V.R. Newaskar, J.
1. This second appeal arises out of a suit for specific performance of contract executed by defendant No. 1 Sukkha S/o. Nanda on Asad Badi 2 Samvat year 2011 (18-6-1954) in favour of the plaintiffs agreeing to sell his house for a consideration of Rs. 700/-. The case of the plaintiffs is that at the time of executing the agreement the defendant No. 1 received the entire consideration of Rs. 700/- and delivered possession to the plaintiffs and it was agreed that the vendor should secure registration of the sale-deed within a month; that however later on the defendant No. 1 changed his mind and dishonestly sold away the house to defendants Nos. 2 and 3 Tarachand and Gordhan for an apparent consideration of Rs. 800/- and executed in their favour a registered sale-deed; that at the time of this latter sale-transaction the defendants 2 and 3 were fully aware of the agreement made by Sukkha in plaintiffs' favour and that he had delivered possession of the suit house to the plaintiffs in part-performance of the same; that the defendants Nos. 2 and 3 had not actually paid any part of the consideration to defendant No. 1 but had kept Rs. 500/- with themselves in deposit for payment to the plaintiffs and had credited Rs. 150/- towards the Khata of defendant No. 1 with them which too was bogus. The plaintiffs on these allegations claimed specific performance of the agreement of sale in their favour and they sought decree against the defendants.
2. The defendant No. 1 admitted the execution of the agreement and to have received Rs. 500/-. According to him the plaintiffs have been living in the suit house as his tenant since about a year and three quarters before and that he had received from the plaintiffs rent upto 7-8-1955. He however in his later part of the written statement denied the agreement referred to in para 4 of the plaint regarding his having agreed to secure registration of the sale-deed within a month. According to him he had entered into the agreement of sale not in plaintiffs' favour but in favour of Saligram Bohra. He de-Died to have made any conspiracy with defendants Nos. 2 and 3. He had in fact received considerations of Rs. 800/- from defendants Nos. 2 and 3 and had executed the sale-deed in their favour and had it registered. But subsequent to this he came to know of the fraud played upon him by Saligram and the plaintiffs in securing the deed not in the name of Saligrarh with whom he had a talk about the sale but in plaintiff's name. There was thus, according to him, no genuine and enforciable agreement between him and the plaintiff.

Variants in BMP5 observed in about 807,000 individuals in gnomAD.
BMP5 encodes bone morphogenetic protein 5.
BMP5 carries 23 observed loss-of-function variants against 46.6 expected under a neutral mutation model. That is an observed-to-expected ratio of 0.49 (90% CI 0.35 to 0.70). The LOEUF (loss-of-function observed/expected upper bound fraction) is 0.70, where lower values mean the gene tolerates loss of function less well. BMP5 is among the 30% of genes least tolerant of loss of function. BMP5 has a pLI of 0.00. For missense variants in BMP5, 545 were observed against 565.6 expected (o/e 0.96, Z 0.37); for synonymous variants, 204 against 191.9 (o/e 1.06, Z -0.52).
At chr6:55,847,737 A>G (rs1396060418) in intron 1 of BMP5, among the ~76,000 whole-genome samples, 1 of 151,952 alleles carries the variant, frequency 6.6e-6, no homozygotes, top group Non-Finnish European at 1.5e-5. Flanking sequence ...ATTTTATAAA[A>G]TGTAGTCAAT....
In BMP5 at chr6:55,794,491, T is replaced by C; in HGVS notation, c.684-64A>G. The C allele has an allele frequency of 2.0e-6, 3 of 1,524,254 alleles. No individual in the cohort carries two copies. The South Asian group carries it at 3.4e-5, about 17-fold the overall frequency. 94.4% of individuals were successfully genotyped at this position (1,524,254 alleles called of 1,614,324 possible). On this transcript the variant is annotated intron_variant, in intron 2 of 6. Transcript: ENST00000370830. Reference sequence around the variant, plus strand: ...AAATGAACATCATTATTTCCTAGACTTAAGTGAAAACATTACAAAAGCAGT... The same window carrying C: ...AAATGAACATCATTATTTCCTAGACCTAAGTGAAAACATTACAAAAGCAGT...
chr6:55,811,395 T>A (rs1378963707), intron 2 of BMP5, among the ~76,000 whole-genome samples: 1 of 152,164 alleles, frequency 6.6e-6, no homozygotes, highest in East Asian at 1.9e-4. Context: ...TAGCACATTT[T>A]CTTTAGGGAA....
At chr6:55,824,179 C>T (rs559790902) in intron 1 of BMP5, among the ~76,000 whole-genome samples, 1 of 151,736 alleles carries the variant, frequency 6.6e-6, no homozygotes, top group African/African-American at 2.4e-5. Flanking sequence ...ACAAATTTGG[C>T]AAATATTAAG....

3. As regards defendants Nos. 2 and 3, they denied knowledge about the transaction of sale in plaintiff's favour and asserted that they were bona fide purchasers for value without any notice of the plaintiffs' transaction. They also contended that the plaintiffs were in the occupation of the house as a tenant and not under the alleged transaction of sale. They asserted that they paid full consideration, Rs. 150/- having been adjusted towards their Khata with them and Rs. 650/- paid in cash. The plaintiffs, it is said, were under a duty to speak when they knew oi the sale-transaction with them. They having kept silent are estopped from challenging the same. Material issues which were framed in the case were --
(1) Whether Sukkha had executed an agreement of sale in plaintiffs' favour dated 18-6-1954 after receiving Rs. 700/-?
(2) Whether the plaintiffs were in occupation of the suit house as its owners?
(3) Whether the defendants Nos. 2 and 3 had entered into a bogus transaction of sale for a consideration of Rs. 800/- in spite of their having knowledge of the sale-transaction in plaintiffs' favour ?
4. The trial Court found that Sukkha had executed the document dated 18-6-1954 after receiving Rs. 700/- and the possession of the plaintiffs was that of owner from that date. It further held that the fact of plaintiffs' possession of the suit house ought to have put the defendants Nos. 2 and 3 upon enquiry and in that circumstance they will be deemed to have notice of the plaintiffs' transaction. Reliance in this connection was placed by the learned Judge upon illustration 3 to Section 27(b) of the Specific Relief Act. Plaintiffs' suit was accordingly decreed against all the three defendants and they were directed to execute sufficient deed of sale in plaintiffs' favour and to have it registered.